Sunday, June 5, 2011

Beautiful Example of Pre-Hispanic Textile from the Inca Empire

This portion of an "Andean tunic, one of several on display currently at the Met (The Andean Tunic, 400 BCE - 1800 CE, through September 18, 2011, The Michael C. Rockefeller Wing, AAOA Special Exhibition Gallery, 1st Floor) was depicted in an overview of the exhibit in the 2011 Summer Members Catalog. (I scanned the image from the Catalog).  As it was created prior to the Incas' exposure to European invaders, it cannot be said to be a "copy" or "imitation" of a European checkerboard!

I've got a few other examples of South American "checkerboard" patterned textiles from before the Spanish invasion, they are saved on another computer.  I should dig them out of my image archives!

This is one more example of the universality of the checkerboard pattern.  I've seen examples of the checkerboard motif on 8,000 year old pottery from Iran.  The oldest checkerboard pattern I've ever seen is from one of the caves at Lascaux and probably dates to about 17000 BCE.  You can find it in this blog post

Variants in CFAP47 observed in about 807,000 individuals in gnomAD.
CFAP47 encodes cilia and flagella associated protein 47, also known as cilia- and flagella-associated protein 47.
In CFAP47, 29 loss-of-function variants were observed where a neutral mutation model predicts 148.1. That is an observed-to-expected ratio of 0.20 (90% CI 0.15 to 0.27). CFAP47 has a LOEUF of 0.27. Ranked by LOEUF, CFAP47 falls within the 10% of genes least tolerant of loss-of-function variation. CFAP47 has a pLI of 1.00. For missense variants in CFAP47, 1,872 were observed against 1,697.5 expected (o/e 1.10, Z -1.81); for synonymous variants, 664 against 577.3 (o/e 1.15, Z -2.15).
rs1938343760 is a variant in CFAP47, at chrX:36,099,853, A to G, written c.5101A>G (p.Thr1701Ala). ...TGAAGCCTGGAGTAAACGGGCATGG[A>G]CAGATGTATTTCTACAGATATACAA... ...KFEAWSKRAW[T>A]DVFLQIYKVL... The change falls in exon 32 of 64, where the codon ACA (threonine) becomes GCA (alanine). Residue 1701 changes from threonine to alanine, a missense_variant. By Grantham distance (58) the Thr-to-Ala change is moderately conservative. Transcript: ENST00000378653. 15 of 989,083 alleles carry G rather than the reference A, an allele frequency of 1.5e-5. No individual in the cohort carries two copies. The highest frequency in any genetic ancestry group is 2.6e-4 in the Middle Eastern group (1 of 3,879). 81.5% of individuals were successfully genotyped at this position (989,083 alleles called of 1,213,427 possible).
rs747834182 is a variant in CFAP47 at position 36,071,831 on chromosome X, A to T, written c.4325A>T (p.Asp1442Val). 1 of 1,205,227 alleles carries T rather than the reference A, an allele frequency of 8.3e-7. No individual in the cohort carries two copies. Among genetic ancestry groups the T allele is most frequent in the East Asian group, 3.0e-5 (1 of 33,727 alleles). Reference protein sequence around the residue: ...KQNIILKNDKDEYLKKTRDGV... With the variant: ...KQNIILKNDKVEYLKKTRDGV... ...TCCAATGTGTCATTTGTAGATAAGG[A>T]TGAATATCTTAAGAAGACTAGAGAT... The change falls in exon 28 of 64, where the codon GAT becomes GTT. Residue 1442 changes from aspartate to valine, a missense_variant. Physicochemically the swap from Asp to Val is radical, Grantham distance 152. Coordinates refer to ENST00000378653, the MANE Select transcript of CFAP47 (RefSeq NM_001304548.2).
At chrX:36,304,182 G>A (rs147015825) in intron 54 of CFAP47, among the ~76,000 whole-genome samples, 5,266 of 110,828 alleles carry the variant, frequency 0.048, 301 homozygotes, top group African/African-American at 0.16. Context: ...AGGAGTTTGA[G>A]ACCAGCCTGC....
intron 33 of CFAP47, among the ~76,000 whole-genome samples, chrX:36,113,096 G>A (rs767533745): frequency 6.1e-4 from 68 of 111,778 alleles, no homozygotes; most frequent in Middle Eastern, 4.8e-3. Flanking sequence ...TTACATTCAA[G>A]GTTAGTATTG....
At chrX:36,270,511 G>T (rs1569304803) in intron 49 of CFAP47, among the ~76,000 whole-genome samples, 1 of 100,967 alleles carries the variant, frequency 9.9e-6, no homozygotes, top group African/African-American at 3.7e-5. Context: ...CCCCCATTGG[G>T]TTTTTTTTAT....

Did the checkerboard pattern come over with humans when they moved to the New World (therefore dating to, perhaps, the time of the settlement of people at Monte Verde, Chile some 13,500 years ago, or perhaps some 32,000 years ago, if the dating of the rock shelter at Pedra Furada, Brazil is accepted as authentic)?  Or, was it independently invented by textile weavers, perhaps by several textile weavers, scattered all around North, Central and South America, at some later dates?  And if so, when? 

This is a subject that continues to fascinate me.  It can't come soon enough - my retirement!  Then, assuming I'm still alive and kicking, I'll have time to explore subjects like this in depth.  I've a whole list of them...

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